Have you ever found yourself in a discussion around design decisions, engineering decisions, or product direction? Have you seen these discussions go in circles or seemingly not get resolved?
In most cases, a straightforward question can save you a lot of time: “Out of ten, how much do you care about this topic [your reasoning]?”
When I first heard this question, it sounded absurdly simple. And it still does. However, you would be surprised at how effective this question is.
Yes, I am aware that it completely oversimplifies the access you may have to external validation practices (like market research, customer research, or behavioral data.) Even with all of this work and these signals, you will often find yourself in a discussion where there is no clear direction. In these moments, it is much more vital for you to create focus and momentum for your team and yourself than to be right at the moment.
The real goal is to develop shared knowledge and common ground between (often very smart) people who have different frames of reference, other goals, and different ways of communicating. It can allow you to save time and increase momentum, understanding, and mutual respect.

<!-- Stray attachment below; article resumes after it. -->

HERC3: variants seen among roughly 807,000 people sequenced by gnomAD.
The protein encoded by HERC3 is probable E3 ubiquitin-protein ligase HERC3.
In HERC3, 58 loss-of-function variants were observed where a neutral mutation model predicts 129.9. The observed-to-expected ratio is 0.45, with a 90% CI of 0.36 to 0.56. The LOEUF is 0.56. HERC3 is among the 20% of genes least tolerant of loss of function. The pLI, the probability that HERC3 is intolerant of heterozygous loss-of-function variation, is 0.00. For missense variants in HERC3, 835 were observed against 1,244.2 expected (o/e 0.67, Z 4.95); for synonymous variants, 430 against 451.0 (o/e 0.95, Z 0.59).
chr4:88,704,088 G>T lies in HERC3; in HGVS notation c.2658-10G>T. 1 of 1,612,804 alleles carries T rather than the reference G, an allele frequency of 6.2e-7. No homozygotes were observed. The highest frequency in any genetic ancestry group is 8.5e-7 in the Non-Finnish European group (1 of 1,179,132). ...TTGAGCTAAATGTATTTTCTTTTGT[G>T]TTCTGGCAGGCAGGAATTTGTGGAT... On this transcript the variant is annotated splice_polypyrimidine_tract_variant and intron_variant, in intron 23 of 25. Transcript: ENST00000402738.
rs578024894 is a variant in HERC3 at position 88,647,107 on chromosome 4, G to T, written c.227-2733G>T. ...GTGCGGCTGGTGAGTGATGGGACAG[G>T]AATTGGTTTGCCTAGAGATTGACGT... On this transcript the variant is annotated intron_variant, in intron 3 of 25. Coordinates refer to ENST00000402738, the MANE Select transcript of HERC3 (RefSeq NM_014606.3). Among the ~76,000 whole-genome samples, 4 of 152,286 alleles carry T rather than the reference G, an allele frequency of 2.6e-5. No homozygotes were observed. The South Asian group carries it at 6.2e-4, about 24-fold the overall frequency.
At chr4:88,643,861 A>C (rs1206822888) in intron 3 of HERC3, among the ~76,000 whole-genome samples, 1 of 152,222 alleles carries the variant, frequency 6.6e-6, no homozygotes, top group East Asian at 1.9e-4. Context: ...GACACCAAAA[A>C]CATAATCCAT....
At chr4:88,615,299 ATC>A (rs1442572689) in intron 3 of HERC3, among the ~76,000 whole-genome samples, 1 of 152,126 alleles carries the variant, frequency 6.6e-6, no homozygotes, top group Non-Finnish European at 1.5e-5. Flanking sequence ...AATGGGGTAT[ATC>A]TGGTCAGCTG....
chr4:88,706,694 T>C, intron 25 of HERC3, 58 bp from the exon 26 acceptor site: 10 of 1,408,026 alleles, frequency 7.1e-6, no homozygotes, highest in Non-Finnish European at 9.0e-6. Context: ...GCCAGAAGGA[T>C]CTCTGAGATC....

So what are some of the results of asking how much someone cares about the topic at hand or their take on it?
This question is only one example of how to get there. In a healthy candid organizational culture, it is all about working together, leading with vulnerability, having a good escalation structure, etc. Ideally, you should genuinely be able to ask directly what someone’s angle is to get to a good resolution.
There is a more extensive set of questions that, on the surface, seem very simple but can have some very positive impact on communication within your team. Questions like:
None of this is a silver bullet for every scenario, and if your organization fundamentally rejects these types of discussions, you have bigger fish to fry. However, please try them out amongst the collaborators you trust, and see how it works for you.
I plan on writing a few more of these, so if you have any stories you want to share or use help with, please [reach out on Twitter] or [email me].
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